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utowana
2009-01-11, 04:58
I'm hoping a kind soul will help out a Mac know-nothing. I'm a PC guy, and have an NTFS formatted external USB HD that contains about 250 GB of mp3's. I want to make a copy of this HD and allow a sister to access it from her Mac. Can someone help me as to compatibility issues? I understand that FAT32 is the only format that both a PC and Mac can read/write to, correct? I read conflicting reports about problems accessing large files on a FAT32 drive, but no single mp3 is over the size limit. Are there other considerations? I also am vaguely aware of third party software products that might help with the conversion...for example, is there software for the Mac that would allow it to see an NTFS drive?

I'm a long time SlimDevices devotee and appreciate the help!

utowana
2009-01-11, 05:29
A follow up for clarity. Perhaps this would simplify my question:

I have a Seagate FreeAgent External HD that says it is compatible for PC and Mac. I have plugged it into my PC, but not installed any software it offers. Properties of the HD says it is formatted NTFS. Question: can I write files to this HD, unplug, and replug into a Mac?

socistep
2009-01-11, 05:48
A follow up for clarity. Perhaps this would simplify my question:

I have a Seagate FreeAgent External HD that says it is compatible for PC and Mac. I have plugged it into my PC, but not installed any software it offers. Properties of the HD says it is formatted NTFS. Question: can I write files to this HD, unplug, and replug into a Mac?

I can't comment for macs but when I moved from a pc to Linux then there was tools to use ntfs external drive

esbrewer
2009-01-11, 07:43
I think this may point you in the right direction. I was able to install a utility on my Mac running OS 10.5 where it can read and write PC formatted volumes (including NTFS I think). I am now able to take a PC formatted external USB disk that already had my music library on it and read and write to it on both my Mac and PC.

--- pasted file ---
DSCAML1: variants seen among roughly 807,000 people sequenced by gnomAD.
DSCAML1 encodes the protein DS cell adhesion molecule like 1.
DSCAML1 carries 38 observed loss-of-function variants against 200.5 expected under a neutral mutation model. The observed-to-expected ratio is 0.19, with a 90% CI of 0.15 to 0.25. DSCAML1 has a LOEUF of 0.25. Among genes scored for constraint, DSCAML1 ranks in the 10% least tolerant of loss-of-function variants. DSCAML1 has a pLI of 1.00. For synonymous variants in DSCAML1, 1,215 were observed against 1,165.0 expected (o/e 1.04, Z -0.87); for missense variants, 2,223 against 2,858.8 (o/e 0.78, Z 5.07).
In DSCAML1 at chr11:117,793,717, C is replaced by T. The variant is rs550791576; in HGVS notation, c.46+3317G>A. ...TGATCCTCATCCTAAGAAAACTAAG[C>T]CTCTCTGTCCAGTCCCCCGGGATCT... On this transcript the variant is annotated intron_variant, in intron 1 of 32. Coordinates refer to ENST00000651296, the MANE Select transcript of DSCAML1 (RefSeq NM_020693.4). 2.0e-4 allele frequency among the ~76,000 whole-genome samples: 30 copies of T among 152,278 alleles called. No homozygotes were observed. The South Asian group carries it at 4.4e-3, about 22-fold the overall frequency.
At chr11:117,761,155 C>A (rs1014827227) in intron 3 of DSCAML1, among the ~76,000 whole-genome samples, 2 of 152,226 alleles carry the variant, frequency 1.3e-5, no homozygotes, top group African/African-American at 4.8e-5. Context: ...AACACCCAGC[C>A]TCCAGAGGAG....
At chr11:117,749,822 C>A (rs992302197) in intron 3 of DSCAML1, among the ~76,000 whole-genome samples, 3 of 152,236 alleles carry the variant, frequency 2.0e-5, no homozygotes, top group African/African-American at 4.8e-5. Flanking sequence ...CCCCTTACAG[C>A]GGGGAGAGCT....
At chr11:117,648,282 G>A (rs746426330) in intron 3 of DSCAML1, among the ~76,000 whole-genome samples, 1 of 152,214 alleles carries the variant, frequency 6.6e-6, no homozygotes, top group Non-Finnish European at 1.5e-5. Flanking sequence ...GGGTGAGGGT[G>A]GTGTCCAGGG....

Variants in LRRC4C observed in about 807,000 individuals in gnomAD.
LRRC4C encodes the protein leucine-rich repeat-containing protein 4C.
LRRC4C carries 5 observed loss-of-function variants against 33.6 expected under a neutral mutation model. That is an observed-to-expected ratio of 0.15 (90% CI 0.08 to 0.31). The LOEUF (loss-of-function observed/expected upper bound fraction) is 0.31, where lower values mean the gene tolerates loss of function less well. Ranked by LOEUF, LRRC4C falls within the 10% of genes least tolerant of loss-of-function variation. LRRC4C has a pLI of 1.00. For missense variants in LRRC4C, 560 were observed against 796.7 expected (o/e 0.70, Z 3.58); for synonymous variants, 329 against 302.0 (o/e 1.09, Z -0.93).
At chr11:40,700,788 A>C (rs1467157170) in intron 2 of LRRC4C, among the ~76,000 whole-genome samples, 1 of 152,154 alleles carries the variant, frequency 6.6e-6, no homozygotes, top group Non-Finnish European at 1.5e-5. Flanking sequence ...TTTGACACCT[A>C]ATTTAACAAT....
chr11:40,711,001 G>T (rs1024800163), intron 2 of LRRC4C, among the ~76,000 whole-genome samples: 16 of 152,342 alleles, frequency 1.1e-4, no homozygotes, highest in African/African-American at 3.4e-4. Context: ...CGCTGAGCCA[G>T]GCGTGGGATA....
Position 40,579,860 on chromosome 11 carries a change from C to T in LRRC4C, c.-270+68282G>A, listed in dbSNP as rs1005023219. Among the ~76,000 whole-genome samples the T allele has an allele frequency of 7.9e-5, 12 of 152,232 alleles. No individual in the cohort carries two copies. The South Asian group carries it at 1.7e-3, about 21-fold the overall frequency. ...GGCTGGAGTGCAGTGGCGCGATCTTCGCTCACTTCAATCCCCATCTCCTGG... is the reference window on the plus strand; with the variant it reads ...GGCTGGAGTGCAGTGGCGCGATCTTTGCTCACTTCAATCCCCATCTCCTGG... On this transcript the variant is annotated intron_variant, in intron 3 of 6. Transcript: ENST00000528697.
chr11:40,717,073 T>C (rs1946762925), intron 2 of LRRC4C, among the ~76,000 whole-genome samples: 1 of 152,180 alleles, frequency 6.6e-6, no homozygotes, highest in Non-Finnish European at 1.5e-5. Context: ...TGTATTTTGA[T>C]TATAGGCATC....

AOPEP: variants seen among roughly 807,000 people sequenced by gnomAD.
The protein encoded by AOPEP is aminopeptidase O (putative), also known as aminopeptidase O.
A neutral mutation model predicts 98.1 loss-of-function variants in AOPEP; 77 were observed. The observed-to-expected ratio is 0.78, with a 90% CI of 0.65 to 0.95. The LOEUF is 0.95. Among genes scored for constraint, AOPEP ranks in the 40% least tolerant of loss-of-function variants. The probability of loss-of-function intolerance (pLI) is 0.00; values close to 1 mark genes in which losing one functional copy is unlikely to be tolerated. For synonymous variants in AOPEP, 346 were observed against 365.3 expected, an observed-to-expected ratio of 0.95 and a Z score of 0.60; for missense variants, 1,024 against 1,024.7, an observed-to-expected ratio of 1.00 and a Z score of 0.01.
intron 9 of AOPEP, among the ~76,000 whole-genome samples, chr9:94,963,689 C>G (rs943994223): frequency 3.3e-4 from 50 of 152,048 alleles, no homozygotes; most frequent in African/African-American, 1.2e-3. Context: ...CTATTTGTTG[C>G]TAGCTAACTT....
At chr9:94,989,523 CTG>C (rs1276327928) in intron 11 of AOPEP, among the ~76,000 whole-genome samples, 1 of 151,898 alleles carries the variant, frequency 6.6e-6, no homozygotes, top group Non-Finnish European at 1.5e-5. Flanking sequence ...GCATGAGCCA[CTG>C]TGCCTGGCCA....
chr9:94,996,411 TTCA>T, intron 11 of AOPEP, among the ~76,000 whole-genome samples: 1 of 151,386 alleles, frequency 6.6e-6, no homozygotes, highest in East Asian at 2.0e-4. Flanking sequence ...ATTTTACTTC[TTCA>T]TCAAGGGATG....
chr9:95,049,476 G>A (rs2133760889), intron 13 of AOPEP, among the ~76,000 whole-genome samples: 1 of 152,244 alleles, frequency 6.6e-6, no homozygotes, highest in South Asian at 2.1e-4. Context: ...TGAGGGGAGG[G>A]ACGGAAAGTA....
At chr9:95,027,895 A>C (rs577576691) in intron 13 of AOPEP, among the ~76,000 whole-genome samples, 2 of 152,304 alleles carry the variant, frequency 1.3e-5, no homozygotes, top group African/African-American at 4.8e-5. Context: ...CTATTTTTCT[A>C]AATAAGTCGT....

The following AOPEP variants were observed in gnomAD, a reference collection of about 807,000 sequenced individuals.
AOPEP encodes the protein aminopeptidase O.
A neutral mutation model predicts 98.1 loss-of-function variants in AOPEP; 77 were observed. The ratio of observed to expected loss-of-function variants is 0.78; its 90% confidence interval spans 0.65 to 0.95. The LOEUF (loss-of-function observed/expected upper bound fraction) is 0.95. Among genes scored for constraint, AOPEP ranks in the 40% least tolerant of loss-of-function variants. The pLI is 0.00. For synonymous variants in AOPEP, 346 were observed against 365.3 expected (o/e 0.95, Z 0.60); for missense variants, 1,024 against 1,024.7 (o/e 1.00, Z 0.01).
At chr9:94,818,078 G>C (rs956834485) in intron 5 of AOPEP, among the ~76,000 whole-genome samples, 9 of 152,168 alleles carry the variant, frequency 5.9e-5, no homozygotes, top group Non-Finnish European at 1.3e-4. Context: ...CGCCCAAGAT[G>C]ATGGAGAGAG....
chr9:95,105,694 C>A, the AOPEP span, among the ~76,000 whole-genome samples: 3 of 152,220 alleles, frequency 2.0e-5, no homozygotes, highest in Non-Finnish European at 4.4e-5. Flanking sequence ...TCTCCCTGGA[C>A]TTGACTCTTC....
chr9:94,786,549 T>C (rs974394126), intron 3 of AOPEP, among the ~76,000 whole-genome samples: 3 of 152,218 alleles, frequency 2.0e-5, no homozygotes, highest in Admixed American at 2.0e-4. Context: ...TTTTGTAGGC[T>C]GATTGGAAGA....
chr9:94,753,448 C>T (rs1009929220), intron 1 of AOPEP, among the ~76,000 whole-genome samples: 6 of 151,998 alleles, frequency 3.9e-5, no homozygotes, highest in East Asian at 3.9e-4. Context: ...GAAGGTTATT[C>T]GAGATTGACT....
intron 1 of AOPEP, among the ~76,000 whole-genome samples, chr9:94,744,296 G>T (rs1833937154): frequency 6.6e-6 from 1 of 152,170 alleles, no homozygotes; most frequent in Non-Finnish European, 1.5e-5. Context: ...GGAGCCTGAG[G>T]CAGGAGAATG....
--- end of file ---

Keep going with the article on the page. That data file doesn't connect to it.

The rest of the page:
Google NTFS, sshfs and Mac OS and you should find the same stuff I did. Many people here are more expert than me in such matters, but I believe this software uses some of the UNIX core of Mac OS - so the install isn't as straightforward as I'm used to with the Mac. But with a little reading and experimentation I was able to figure it out, and it works flawlessly.

badbob
2009-01-11, 07:50
Or if you don't want to install a NTFS driver for your MAC, format the USB HD as FAT32. Mac's will read FAT32. Or buy a NAS, if you want a shared storage over your LAN with no need for a host PC and worries with partition support.

danco
2009-01-11, 09:28
Macs will read and write FAT32 drives.

Out of the box they will IIRC read NTFS formatted drives but not write to them.

There are at least two third-party solutions that enable them to write to NTFS drives also.

MacFuse and NTFS-3G together provide an open-source free solution.

Paragon Software (who do well-regarded PC software for various things about drives) have their own solution. I think they charge, but for me it came free on a cover disk, just had to pay the price of the magazine.

Tubebox
2009-01-13, 11:53
FAT32 on external HDs is not the same as on internal drives and is much more stable than the last one.
So every modern mac will read it. No need to reformat to NTFS (what might cause problems on macs) or format in Mac OS. The only thing that might cause problems on Mac OS platforms is aliases problem that get confused with multiple drives.